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J Diabetes Res. 2016;2016:4073618. Epub 2016 Sep 28.

Short-Term High-Intensity Interval Training on Body Composition and Blood Glucose in Overweight and Obese Young Women.

Author information

1
Faculty of Education, University of Macau, Macau.
2
Faculty of Education, University of Macau, Macau; Institute of Physical Education, Huzhou University, Huzhou, Zhejiang, China.
3
School of Physical Education and Sports, Macau Polytechnic Institute, Macau.

Abstract

This study was to determine the effects of five-week high-intensity interval training (HIIT) on cardiorespiratory fitness, body composition, blood glucose, and relevant systemic hormones when compared to moderate-intensity continuous training (MICT) in overweight and obese young women. Methods. Eighteen subjects completed 20 sessions of HIIT or MICT for five weeks. HIIT involved 60 × 8 s cycling at ~90% of peak oxygen consumption ([Formula: see text]) interspersed with 12 s recovery, whereas MICT involved 40-minute continuous cycling at 65% of [Formula: see text]. [Formula: see text], body composition, blood glucose, and fasting serum hormones, including leptin, growth hormone, testosterone, cortisol, and fibroblast growth factor 21, were measured before and after training. Results. Both exercise groups achieved significant improvements in [Formula: see text] (+7.9% in HIIT versus +11.7% in MICT) and peak power output (+13.8% in HIIT versus +21.9% in MICT) despite no training effects on body composition or the relevant systemic hormones. Blood glucose tended to be decreased after the intervention (p = 0.062). The rating of perceived exertion in MICT was higher than that in HIIT (p = 0.042). Conclusion. Compared with MICT, short-term HIIT is more time-efficient and is perceived as being easier for improving cardiorespiratory fitness and fasting blood glucose for overweight and obese young women.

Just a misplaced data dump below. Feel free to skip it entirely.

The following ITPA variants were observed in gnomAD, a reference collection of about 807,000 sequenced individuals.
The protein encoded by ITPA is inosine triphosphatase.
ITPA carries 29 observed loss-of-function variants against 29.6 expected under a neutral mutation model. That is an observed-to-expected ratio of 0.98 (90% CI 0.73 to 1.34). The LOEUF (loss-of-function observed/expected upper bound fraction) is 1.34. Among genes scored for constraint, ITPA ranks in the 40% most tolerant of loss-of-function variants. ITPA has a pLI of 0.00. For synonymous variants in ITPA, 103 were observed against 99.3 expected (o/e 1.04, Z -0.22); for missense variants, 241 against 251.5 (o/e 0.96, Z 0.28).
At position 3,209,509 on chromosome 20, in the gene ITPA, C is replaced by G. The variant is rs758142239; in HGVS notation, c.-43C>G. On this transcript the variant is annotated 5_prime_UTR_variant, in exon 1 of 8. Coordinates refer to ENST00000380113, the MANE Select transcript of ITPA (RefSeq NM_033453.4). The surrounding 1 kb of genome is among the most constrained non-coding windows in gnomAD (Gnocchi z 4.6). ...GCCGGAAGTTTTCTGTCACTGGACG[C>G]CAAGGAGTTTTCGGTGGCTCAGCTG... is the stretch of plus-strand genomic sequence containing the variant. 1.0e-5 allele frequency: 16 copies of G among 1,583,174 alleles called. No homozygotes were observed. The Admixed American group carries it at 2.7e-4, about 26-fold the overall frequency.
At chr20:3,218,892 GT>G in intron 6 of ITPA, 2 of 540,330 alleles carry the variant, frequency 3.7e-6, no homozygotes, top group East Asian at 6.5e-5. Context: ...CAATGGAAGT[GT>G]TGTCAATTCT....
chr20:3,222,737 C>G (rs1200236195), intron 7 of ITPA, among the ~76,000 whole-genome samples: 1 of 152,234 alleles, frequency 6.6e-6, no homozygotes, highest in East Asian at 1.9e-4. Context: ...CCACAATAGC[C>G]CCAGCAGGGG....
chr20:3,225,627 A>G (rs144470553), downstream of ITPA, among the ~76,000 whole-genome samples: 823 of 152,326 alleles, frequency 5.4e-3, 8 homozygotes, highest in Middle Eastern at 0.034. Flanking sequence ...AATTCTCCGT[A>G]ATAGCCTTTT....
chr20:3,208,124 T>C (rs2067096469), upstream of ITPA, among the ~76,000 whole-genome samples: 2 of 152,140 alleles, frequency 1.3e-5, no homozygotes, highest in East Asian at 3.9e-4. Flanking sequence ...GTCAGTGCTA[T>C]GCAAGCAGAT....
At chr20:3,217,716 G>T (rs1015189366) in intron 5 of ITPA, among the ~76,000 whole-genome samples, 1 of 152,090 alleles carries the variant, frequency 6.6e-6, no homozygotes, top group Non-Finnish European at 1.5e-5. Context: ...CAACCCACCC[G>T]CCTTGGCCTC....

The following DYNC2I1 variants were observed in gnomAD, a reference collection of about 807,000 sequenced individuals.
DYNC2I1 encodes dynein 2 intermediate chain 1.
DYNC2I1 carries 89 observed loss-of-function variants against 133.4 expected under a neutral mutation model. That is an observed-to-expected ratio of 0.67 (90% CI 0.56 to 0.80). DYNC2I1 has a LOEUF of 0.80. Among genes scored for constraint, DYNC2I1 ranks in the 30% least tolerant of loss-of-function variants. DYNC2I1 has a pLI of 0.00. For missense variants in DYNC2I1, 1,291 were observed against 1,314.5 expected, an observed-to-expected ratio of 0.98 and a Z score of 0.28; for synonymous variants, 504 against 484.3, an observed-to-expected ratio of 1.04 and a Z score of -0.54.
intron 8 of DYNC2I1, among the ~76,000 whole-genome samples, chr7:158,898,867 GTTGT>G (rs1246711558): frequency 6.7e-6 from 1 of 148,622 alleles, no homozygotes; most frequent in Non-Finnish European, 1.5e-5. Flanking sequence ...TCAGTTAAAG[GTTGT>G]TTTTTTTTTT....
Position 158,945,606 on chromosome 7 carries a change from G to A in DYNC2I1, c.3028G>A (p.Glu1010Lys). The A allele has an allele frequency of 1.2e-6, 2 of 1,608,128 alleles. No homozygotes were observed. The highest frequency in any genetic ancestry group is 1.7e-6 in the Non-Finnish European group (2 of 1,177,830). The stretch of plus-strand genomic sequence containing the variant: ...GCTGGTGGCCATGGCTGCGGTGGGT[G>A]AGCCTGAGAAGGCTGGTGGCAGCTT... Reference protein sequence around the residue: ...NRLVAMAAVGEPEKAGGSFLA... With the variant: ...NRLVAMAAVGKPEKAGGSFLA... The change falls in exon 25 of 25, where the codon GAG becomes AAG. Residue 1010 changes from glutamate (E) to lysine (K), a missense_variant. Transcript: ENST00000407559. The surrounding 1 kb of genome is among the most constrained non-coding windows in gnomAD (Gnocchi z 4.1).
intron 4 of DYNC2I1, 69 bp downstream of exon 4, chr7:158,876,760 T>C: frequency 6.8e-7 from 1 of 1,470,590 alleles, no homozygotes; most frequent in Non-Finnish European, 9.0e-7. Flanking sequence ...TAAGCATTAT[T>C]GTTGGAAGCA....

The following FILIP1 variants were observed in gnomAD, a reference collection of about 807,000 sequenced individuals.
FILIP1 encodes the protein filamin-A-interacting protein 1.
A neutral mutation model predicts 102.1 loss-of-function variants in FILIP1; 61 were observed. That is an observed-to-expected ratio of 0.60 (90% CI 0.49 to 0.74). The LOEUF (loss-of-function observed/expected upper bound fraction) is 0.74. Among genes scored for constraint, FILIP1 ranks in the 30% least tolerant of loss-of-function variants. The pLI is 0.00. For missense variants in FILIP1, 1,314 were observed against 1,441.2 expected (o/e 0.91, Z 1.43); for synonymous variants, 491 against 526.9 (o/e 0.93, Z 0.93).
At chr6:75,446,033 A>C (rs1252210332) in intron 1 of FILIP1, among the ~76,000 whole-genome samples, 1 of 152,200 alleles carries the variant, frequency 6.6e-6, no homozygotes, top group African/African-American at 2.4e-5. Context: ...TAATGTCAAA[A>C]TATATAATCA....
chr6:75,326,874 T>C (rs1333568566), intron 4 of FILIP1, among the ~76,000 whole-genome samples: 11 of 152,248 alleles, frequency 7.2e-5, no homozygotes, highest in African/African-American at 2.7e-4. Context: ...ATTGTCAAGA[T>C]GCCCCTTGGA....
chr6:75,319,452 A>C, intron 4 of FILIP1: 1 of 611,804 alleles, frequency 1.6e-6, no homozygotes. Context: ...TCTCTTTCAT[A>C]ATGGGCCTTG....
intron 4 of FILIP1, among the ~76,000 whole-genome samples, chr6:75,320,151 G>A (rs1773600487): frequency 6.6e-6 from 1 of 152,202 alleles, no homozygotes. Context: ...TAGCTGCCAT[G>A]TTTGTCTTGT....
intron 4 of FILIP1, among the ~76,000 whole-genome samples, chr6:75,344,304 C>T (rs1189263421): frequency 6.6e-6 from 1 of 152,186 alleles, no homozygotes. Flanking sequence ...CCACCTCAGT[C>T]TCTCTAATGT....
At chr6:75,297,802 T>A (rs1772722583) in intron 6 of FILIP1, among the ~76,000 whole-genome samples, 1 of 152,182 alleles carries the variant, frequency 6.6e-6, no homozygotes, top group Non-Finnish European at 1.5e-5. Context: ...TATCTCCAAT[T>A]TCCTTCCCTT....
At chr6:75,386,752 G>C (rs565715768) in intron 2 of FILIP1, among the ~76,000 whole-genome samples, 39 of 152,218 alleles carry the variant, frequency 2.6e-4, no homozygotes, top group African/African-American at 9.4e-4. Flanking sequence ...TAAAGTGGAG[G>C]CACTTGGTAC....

PMID:
27774458
PMCID:
PMC5059579
DOI:
10.1155/2016/4073618
[Indexed for MEDLINE]
Free PMC Article

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